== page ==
Wednesday, May 31, 2023

53. Golden Fool by Robin Hobb (book 2 of the Tawny Man, trilogy 3 of the Elderlings Saga)

So now we conclude book 2 in the ongoing adventures of Mr. Jump to Conclusions always in the worst possible way man.  Oh my god, I seriously considered whether I would be able to finish this one in the middle.  The setting in incredible, rich and evocative.  The plotlines are multi-layered and intriguing.  The magic system is well thought out and keeps revealing more.  I want to find out what happens.  But argh the protagonist sucks!  I still can't tell if Hobb is doing this on purpose or if she doesn't get that we don't need his constant misinterpretation and extreme pessimism to drive the book forward.  Almost every thing that happens, he takes it in the worst possible way.  He is also often quite stupid (like no shit the Outislanders young queen's servant woman is obviously an avatar for the evil White Prophet).  

But not only is he always misunderstanding everything to an extreme, he is also kind of an asshole.  He is super prude about sex in a way that nobody else around him seems to be.  Two different women want to have regular sex with him with no strings attached but niceness and not only does he have to reject them, he has to do it in the most assholish way guaranteed to piss them off (and unfairly).  And then to make matters worse, he is also a homophobe!  His best friend, who may not even be a human and can switch identities and genders and peels his skin like a snake every year, is in love with him.  When he pushes the friend to admit this, he then shuns him and is all angry.  Like WTF?!  Yes, this can be awkward, but anger?  Just maddening.  He spends the entire book shunning his biological daughter because he is so convinced that if he shows himself to be alive, her adopted dad will be destroyed?  The same person who is devastated and blames himself for his death?  Make it make sense.  

And the final thing that is really bugging me is that he acts like he has to make this tough choice whether or not to support Prince Dutiful in his quest to kill the dragon.  He frames it like this terrible choice between supporting the Fool and saving the dragon so they can mate and dragons can come back which duh everybody wants and would be good for the world or killing the dragon because his prince took up a challenge from his bride which she was obviously forced by the evil white prophet to make.  Obviously, you save the dragon and try to free the Outislanders from the white prophet's coercion.

The thing is despite these frustrations, Hobb always manages to pull it back by the end.  There is some redemption and positive developments in FitzChivalry's whiney life and more importantly, the storylines are gripping and conclude in exciting and satisfying ways.  The brutal fight scene where the Piebald leader and his supporters get their just desert is intense, brutal and extremely satisfying (though still we have to have Fitz get all resentful because he got left in jail afterwards and feeling abandoned when it obviously was the right thing to do and he was better protected because of it).  The negotiations with the mixed representatives of the Old Blood is equally satisfying and almost promising, with the bonus that the young prince shows some character as well.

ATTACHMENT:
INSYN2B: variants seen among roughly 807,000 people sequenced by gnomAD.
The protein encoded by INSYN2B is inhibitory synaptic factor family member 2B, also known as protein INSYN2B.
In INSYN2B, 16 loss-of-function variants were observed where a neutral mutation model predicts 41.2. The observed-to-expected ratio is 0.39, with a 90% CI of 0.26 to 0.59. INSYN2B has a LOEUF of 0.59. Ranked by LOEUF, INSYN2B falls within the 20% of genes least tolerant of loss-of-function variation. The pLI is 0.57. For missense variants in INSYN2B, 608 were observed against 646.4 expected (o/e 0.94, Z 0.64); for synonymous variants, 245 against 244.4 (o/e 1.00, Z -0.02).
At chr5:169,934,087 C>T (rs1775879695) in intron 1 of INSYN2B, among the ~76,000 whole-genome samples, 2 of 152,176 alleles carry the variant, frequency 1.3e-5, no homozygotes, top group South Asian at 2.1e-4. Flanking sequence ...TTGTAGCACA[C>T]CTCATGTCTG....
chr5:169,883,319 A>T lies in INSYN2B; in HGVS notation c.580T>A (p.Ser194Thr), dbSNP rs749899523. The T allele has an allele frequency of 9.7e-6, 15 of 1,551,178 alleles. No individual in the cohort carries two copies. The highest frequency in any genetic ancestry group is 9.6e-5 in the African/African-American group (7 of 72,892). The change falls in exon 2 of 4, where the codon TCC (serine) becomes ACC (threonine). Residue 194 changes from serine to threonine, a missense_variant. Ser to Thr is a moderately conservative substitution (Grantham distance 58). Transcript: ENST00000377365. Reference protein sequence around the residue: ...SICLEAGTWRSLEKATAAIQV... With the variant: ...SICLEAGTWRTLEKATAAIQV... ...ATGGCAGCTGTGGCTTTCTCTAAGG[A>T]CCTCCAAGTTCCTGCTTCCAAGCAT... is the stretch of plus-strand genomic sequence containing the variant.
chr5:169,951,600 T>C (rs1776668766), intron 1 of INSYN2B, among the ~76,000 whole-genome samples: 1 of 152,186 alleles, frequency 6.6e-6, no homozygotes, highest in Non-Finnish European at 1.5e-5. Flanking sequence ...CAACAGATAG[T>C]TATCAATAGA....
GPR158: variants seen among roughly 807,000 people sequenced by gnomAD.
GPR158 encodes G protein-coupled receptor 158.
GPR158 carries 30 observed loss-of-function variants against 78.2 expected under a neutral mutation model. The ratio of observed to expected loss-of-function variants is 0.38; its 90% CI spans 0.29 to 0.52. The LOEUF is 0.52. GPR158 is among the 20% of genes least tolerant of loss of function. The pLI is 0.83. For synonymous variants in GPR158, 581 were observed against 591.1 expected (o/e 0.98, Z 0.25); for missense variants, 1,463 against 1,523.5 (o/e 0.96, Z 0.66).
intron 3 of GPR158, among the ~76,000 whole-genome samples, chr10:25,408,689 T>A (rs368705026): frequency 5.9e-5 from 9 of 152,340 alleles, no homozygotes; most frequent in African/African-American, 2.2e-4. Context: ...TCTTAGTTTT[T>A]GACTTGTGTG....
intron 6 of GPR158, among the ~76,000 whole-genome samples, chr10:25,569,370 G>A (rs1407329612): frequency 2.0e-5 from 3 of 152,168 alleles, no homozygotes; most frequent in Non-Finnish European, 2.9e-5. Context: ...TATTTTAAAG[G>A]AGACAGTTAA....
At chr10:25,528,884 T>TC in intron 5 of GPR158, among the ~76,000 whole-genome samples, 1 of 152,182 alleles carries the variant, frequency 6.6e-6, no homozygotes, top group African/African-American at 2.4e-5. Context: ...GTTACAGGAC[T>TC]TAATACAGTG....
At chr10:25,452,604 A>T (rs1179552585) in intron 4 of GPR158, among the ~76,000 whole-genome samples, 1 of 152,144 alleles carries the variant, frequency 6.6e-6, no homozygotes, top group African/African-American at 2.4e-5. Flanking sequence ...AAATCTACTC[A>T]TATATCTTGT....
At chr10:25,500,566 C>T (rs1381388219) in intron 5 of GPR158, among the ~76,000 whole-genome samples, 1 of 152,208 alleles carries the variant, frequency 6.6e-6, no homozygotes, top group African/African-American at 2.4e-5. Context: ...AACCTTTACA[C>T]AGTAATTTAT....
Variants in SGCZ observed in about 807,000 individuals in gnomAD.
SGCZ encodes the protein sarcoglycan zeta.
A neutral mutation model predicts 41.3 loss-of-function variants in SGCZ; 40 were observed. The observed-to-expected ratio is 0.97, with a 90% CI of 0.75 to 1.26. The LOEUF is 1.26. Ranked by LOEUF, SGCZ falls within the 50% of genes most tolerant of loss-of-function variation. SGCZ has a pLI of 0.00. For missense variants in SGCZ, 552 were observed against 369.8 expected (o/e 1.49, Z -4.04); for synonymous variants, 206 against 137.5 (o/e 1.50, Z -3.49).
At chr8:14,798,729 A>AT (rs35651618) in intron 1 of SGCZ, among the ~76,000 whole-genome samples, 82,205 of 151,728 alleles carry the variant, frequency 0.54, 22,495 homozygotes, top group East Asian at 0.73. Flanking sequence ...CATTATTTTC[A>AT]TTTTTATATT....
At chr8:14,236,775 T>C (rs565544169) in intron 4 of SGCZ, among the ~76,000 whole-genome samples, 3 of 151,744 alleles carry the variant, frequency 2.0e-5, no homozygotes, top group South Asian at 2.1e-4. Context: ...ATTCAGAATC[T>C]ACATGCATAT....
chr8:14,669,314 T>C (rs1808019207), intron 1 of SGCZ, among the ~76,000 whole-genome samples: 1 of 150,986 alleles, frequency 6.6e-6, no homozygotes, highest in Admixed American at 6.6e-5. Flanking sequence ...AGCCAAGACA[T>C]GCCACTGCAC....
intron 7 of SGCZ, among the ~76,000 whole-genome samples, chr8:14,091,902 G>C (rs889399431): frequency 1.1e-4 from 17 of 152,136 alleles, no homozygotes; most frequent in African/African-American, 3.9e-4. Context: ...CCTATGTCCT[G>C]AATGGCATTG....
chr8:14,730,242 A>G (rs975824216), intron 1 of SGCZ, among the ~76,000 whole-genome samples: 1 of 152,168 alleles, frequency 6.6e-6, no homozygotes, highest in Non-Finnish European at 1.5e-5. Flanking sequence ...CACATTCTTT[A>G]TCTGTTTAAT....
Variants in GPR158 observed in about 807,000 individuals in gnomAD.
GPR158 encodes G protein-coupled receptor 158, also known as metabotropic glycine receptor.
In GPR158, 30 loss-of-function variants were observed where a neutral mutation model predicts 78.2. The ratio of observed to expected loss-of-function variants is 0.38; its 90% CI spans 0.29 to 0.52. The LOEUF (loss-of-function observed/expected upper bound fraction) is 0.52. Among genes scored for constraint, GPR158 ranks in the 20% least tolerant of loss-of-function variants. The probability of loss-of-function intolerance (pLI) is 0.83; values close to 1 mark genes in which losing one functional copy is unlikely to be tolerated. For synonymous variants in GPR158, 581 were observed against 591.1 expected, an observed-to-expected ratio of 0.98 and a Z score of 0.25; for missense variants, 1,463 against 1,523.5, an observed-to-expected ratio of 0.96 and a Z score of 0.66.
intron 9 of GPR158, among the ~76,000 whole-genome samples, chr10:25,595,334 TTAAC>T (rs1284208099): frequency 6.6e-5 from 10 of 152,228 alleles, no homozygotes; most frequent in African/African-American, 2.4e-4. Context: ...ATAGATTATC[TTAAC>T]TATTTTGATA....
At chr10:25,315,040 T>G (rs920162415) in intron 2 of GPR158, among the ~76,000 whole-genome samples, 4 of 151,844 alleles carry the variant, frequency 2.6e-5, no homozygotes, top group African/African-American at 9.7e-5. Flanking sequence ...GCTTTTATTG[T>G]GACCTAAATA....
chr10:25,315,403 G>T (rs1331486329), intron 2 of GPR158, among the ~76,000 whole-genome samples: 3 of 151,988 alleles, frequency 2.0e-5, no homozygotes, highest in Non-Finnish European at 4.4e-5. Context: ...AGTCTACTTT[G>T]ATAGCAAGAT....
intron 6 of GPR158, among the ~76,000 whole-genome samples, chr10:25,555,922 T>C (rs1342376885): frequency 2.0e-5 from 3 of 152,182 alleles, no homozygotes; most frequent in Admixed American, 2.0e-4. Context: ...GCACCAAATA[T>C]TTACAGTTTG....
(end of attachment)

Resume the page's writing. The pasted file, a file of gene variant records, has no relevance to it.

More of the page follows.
I am surging on to the last book in the trilogy and then can move back to the Rain Wilds where there are also some annoying characters, but a nice mix and done I hope in third person so I don't have to hear their thoughts.

Monday, May 22, 2023

52. Diary of a Nobody by George and Weedon Grossmith

I found this on my parents' bookshelf.  My mom didn't seem to know about it so I don't actually know where it came from, but I'm glad it was there.  Turns out Diary of a Nobody is a major influence on english literature in two streams: the fictional diary format and the sympathetic mockery of the growing lower-middle class in Edwardian (and later) England.

The diary is written by Mr. Pooter, a married clerk living in the suburbs outside of London who strives to be proper and uphold Victorian class ideals and esthetics.  He is hilariously prim and un-self-aware.  He is also always constantly injuring himself in minor slapstick accidents, like banging his head on the window when pulling it in quickly because he thinks a gentleman is arriving at his house and wants to ensure the maid answers the door. He narrates in detail his petty conflicts with tradespeople as well as his sycophantic love for his boss, the gentleman Mr. Perkupp.  Though he is the object of much scorn by many of his fellows and the book is poking fun at him, none of it is mean-spirited.  The writers clearly have a real sympathy for him and it makes the book funny and endearing.  He and his wife Carrie have a very good and loving marriage and that is never attacked or mocked.

As it was initially a series of entries in Punch and expanded when published as a single book, it's not a full narrative, although there are a few narrative threads that run through it.  The biggest is Lupin, their wayward son and whether or not he'll get a job.  He falls in with the bad influence of a theatre troupe. It is a light and quick read, highly enjoyable for those who have an understanding of British culture, possibly mostly impenetrable for those who don't.

Thursday, May 18, 2023

51. Fools Errand by Robin Hobb (book 1 of the Tawny Man, trilogy 3 of the Elderlings Saga)